Not only are the characters engaging in these novels, but I enjoy the changing relationships between them as well. None of these characters are flawless but they fight for their friendships and are willing to change to help each other. Enna nearly destroys her friendship with Isi because of her fire speaking but they are able to understand why later and build a stronger foundation for their friendship moving forward. Enna and Finn seem so different with her being so outspoken and him so quiet. But they both possess a quiet, intense strength and build each other up in such beautiful ways. Certainly they have ups and downs but I’m glad they find their way back to each other. Razo has a skill for creating friendships with anyone–even those less likely to interact with him. I enjoyed following his adventures in the neighboring kingdom of Tira. He makes friends with everyone from the crown prince to the pastry girls. And of course I quite enjoyed his relationship with Dasha and how they help each other discover their gifts and how to help others with them.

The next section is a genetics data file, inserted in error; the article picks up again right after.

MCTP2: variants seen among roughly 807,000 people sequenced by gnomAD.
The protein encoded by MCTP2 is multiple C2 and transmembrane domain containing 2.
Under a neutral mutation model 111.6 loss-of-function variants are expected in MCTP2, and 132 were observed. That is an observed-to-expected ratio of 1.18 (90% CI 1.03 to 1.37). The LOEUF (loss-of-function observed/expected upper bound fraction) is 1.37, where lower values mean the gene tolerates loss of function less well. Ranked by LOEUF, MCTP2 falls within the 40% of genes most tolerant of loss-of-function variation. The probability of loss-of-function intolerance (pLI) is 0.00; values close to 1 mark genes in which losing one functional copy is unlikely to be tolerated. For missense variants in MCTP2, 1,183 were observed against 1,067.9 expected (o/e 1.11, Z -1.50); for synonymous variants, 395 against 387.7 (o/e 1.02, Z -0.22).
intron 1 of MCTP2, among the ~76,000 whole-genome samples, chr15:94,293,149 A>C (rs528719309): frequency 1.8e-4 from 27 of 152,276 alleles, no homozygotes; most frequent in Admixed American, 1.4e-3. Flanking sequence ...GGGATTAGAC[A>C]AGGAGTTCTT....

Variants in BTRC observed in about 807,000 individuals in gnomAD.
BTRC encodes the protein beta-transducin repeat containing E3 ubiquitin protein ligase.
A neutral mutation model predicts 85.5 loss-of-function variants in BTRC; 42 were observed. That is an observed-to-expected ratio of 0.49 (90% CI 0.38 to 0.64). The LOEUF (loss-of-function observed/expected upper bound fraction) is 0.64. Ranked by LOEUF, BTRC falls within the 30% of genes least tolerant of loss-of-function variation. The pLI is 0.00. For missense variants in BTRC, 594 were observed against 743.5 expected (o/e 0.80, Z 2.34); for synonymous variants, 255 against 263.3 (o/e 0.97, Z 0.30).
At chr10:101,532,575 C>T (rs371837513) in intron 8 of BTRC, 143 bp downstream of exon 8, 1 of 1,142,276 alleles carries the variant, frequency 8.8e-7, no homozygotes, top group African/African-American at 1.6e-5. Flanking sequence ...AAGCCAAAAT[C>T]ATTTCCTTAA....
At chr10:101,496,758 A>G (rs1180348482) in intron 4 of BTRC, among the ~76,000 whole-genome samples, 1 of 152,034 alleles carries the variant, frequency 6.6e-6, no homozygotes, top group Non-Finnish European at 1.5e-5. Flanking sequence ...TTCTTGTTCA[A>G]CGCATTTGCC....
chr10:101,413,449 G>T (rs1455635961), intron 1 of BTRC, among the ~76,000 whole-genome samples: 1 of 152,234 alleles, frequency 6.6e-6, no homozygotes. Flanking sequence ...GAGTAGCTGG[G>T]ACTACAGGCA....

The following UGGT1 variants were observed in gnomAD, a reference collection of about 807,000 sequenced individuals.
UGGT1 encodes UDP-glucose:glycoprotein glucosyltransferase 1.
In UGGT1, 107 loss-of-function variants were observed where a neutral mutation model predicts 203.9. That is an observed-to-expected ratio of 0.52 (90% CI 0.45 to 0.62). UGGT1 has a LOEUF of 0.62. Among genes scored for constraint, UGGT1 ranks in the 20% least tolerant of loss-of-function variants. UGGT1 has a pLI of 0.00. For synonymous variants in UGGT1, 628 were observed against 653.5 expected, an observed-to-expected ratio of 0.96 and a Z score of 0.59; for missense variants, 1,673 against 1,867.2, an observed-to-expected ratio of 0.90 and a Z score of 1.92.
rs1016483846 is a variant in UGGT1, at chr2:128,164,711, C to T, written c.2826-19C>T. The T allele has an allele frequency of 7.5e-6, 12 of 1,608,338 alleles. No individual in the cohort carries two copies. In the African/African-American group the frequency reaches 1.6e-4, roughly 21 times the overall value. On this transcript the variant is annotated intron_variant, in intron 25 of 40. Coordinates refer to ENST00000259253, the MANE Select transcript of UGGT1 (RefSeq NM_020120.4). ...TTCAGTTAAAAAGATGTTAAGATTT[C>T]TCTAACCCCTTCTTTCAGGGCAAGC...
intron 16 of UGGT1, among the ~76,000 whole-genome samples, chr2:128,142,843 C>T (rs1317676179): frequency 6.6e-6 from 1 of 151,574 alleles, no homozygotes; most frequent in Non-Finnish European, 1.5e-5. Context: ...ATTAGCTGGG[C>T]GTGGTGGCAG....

It takes a lot of skill to complicate the mystical elements of wind, fire, and water speaking as the novels progress but still keep them understandable; well done, Shannon Hale! I find that sometimes a series gets too complicated. The magic gets too big or the conspiracy takes over everything or it just gets to hard to explain the details. That does not happen in this series. Yes, the intricacies of speaking to these elements gets more complicated as the series goes on (each communicates in a different way and takes too much from people in a different way). But it also has focus and compelling reasons for doing so. I found the differences between speaking to wind versus to fire or water fascinating and engaging. Hale is a master storyteller and her craft is at its best in this series as she weaves an intricate story surrounding these unique languages.